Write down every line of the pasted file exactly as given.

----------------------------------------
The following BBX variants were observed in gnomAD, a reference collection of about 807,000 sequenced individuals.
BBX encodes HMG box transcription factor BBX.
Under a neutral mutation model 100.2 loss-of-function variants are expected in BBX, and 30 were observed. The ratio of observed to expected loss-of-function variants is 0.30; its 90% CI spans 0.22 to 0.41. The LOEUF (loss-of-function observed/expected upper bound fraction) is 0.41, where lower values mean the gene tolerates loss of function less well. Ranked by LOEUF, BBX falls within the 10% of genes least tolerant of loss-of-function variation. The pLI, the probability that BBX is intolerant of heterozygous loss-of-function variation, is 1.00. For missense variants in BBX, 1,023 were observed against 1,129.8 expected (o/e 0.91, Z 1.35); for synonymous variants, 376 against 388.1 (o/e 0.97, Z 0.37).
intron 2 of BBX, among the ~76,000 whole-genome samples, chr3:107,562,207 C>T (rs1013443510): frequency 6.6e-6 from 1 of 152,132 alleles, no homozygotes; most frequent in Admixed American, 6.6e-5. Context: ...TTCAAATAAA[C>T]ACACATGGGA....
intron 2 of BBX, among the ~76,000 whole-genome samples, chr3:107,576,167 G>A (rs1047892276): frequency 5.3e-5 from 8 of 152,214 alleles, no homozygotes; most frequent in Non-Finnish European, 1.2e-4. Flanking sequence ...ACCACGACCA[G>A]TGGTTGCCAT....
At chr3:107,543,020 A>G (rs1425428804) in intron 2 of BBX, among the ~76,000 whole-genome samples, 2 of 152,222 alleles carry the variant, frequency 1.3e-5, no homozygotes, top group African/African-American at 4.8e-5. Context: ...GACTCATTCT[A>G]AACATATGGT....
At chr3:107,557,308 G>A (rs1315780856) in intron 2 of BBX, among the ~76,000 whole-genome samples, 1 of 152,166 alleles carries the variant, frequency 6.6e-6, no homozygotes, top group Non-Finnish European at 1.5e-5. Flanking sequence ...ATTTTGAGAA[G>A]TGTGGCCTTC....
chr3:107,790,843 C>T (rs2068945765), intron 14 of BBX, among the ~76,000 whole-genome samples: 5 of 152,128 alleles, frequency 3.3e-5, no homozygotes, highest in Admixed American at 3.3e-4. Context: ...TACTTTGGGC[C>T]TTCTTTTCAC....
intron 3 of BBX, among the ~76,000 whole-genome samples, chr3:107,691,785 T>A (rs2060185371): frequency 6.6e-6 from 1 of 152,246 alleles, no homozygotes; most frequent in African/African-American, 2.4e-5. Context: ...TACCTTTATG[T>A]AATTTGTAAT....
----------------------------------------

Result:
The following BBX variants were observed in gnomAD, a reference collection of about 807,000 sequenced individuals.
BBX encodes HMG box transcription factor BBX.
Under a neutral mutation model 100.2 loss-of-function variants are expected in BBX, and 30 were observed. The ratio of observed to expected loss-of-function variants is 0.30; its 90% CI spans 0.22 to 0.41. The LOEUF (loss-of-function observed/expected upper bound fraction) is 0.41, where lower values mean the gene tolerates loss of function less well. Ranked by LOEUF, BBX falls within the 10% of genes least tolerant of loss-of-function variation. The pLI, the probability that BBX is intolerant of heterozygous loss-of-function variation, is 1.00. For missense variants in BBX, 1,023 were observed against 1,129.8 expected (o/e 0.91, Z 1.35); for synonymous variants, 376 against 388.1 (o/e 0.97, Z 0.37).
intron 2 of BBX, among the ~76,000 whole-genome samples, chr3:107,562,207 C>T (rs1013443510): frequency 6.6e-6 from 1 of 152,132 alleles, no homozygotes; most frequent in Admixed American, 6.6e-5. Context: ...TTCAAATAAA[C>T]ACACATGGGA....
intron 2 of BBX, among the ~76,000 whole-genome samples, chr3:107,576,167 G>A (rs1047892276): frequency 5.3e-5 from 8 of 152,214 alleles, no homozygotes; most frequent in Non-Finnish European, 1.2e-4. Flanking sequence ...ACCACGACCA[G>A]TGGTTGCCAT....
At chr3:107,543,020 A>G (rs1425428804) in intron 2 of BBX, among the ~76,000 whole-genome samples, 2 of 152,222 alleles carry the variant, frequency 1.3e-5, no homozygotes, top group African/African-American at 4.8e-5. Context: ...GACTCATTCT[A>G]AACATATGGT....
At chr3:107,557,308 G>A (rs1315780856) in intron 2 of BBX, among the ~76,000 whole-genome samples, 1 of 152,166 alleles carries the variant, frequency 6.6e-6, no homozygotes, top group Non-Finnish European at 1.5e-5. Flanking sequence ...ATTTTGAGAA[G>A]TGTGGCCTTC....
chr3:107,790,843 C>T (rs2068945765), intron 14 of BBX, among the ~76,000 whole-genome samples: 5 of 152,128 alleles, frequency 3.3e-5, no homozygotes, highest in Admixed American at 3.3e-4. Context: ...TACTTTGGGC[C>T]TTCTTTTCAC....
intron 3 of BBX, among the ~76,000 whole-genome samples, chr3:107,691,785 T>A (rs2060185371): frequency 6.6e-6 from 1 of 152,246 alleles, no homozygotes; most frequent in African/African-American, 2.4e-5. Context: ...TACCTTTATG[T>A]AATTTGTAAT....